Acta Phys. -Chim. Sin. ›› 2021, Vol. 37 ›› Issue (2): 2008090.doi: 10.3866/PKU.WHXB202008090

Special Issue: Lithium Metal Anodes

• REVIEW • Previous Articles     Next Articles

Composite Anodes for Lithium Metal Batteries

Yumeng Zhao, Lingxiao Ren, Aoxuan Wang, Jiayan Luo()   

  • Received:2020-08-31 Accepted:2020-09-23 Published:2020-10-09
  • Contact: Jiayan Luo
  • About author:Jiayan Luo, Email:
  • Supported by:
    the National Natural Science Foundation of China(51872196);the Natural Science Foundation of Tianjin, China(17JCJQJC44100);the National Postdoctoral Program for Innovative Talents, China(BX20190232)


The applications of lithium-ion batteries have been limited because their energy density can no longer meet the requirements of an emerging energy society. Lithium metal batteries (LMBs) are being considered as potential candidate for next-generation energy storage systems owing to the high theoretical specific capacity and low electrochemical potential of lithium metal. However, the commercialization of LMB is limited due to several challenges, such as uncontrollable formation of dendrites, unstable solid electrolyte interface, and infinite anode volume change, which can lead to grievous catastrophe. In this study, several typical mechanisms of lithium dendrite formation and growth are summarized. The results suggest that a smaller current density, greater Li+ transference number, higher mechanical strength of the electrolyte, and a more homogeneous distribution of Li+ on the substrate are conducive to the uniform deposition morphology of lithium metal. In view of these results, combined with the researches on LMBs conducted in recent years, composite anodes can be summarized into three level from internal to external. (ⅰ) Internal composite of lithium metal anode: the scaffolds composited with lithium metal are classified as non-conductive (NC), electron-conductive (EC), ion-conductive (IC), and mixed ion and electron-conductive (MIEC) scaffolds. Composited with NC scaffolds, the tip effect can be weakened through the interaction between polar functional groups and Li+. The composite of lithium metal and EC scaffolds can effectively reduce the local current density, while IC scaffolds can increase the ion flux. However, the performance of LMBs may be hindered by the insulation of electrons or Li+ at high rates. In comparison, MIEC scaffolds can provide fast ion/electron transfer channels for the deposition or dissolution of lithium metal, which is beneficial for the electrochemical performance of LMBs even at high rates. (ⅱ) Internal composite of LMB: Compared with liquid electrolytes, solid-state electrolytes (SSEs) and quasi-solid-state electrolytes are much safer. However, their interfacial contact with lithium metal anodes has been seriously criticized. Lithium metal anodes can be composited with SSEs or quasi-solid-state electrolytes to optimize the interface contact performance and reduce the interface resistance, thereby promoting the development of solid-state batteries. (ⅲ) Composite of internal environment and external operating conditions: Composited with external physical fields, such as electric fields, magnetic fields, and temperature fields, the distribution of Li+ can be homogeneous and the initial nucleation process can be regulated. Overall, this review summarizes several composite anodes that have greatly optimized the performance of LMBs and highlights the potential of multi-level composites for applications in lithium metal anodes.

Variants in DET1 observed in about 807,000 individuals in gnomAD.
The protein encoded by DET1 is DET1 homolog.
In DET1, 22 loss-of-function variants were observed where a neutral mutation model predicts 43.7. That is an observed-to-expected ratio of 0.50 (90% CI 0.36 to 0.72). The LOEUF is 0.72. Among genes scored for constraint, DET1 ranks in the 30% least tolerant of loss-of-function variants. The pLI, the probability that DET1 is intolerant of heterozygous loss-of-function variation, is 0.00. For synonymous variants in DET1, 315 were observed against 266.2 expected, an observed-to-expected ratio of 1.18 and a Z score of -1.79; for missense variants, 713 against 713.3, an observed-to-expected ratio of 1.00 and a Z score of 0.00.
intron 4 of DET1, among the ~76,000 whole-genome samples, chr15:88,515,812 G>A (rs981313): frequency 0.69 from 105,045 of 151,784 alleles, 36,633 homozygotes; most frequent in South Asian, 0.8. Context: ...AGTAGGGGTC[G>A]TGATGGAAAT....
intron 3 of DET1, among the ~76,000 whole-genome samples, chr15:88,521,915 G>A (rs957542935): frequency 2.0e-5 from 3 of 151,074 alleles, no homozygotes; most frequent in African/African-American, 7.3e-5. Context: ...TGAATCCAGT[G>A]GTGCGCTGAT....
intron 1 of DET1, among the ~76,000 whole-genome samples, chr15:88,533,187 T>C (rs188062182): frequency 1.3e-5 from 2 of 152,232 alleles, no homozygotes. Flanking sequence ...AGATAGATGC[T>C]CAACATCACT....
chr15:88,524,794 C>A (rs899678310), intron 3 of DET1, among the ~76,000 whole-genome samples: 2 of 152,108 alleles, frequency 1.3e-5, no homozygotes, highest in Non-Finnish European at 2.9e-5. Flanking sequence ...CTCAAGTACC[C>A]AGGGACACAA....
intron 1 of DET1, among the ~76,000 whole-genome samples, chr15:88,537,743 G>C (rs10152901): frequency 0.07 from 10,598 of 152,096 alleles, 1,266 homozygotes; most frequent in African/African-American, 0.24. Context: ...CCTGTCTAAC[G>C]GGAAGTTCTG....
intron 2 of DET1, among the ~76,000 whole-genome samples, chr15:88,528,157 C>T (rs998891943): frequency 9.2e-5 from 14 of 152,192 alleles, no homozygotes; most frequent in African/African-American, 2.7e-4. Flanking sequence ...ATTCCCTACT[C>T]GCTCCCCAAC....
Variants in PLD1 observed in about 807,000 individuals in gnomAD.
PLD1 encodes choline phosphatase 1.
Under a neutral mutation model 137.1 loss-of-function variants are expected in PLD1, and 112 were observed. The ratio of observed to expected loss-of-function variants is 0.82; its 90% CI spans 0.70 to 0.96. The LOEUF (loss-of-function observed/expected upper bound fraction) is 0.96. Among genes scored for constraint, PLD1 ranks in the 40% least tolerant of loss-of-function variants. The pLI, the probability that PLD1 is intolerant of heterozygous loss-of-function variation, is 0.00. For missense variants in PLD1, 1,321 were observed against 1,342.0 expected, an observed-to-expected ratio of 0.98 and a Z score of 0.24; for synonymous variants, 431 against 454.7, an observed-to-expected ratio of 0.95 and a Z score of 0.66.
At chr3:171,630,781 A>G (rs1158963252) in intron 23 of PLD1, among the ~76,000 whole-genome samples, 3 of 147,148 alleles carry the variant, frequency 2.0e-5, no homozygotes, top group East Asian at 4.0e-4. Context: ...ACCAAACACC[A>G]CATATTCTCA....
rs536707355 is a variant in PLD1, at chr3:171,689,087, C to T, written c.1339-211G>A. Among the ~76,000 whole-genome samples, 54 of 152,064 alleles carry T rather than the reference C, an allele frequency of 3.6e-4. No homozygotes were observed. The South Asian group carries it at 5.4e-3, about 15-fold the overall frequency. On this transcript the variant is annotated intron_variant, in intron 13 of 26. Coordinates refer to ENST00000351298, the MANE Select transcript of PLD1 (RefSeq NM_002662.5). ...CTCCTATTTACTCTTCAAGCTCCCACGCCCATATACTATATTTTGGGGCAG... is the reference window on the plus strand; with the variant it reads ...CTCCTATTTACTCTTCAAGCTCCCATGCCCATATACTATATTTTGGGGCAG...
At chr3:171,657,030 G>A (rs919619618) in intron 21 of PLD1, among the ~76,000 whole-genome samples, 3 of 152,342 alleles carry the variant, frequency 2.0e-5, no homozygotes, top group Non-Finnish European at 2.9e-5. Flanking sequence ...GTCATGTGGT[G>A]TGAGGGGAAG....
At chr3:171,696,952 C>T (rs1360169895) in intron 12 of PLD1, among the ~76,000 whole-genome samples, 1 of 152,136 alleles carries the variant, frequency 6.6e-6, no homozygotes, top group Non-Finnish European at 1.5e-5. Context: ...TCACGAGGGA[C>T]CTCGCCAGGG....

Key words: Lithium metal battery, Lithium dendrite, Composite anode, Internal structure, External operating condition, Multi-level composite


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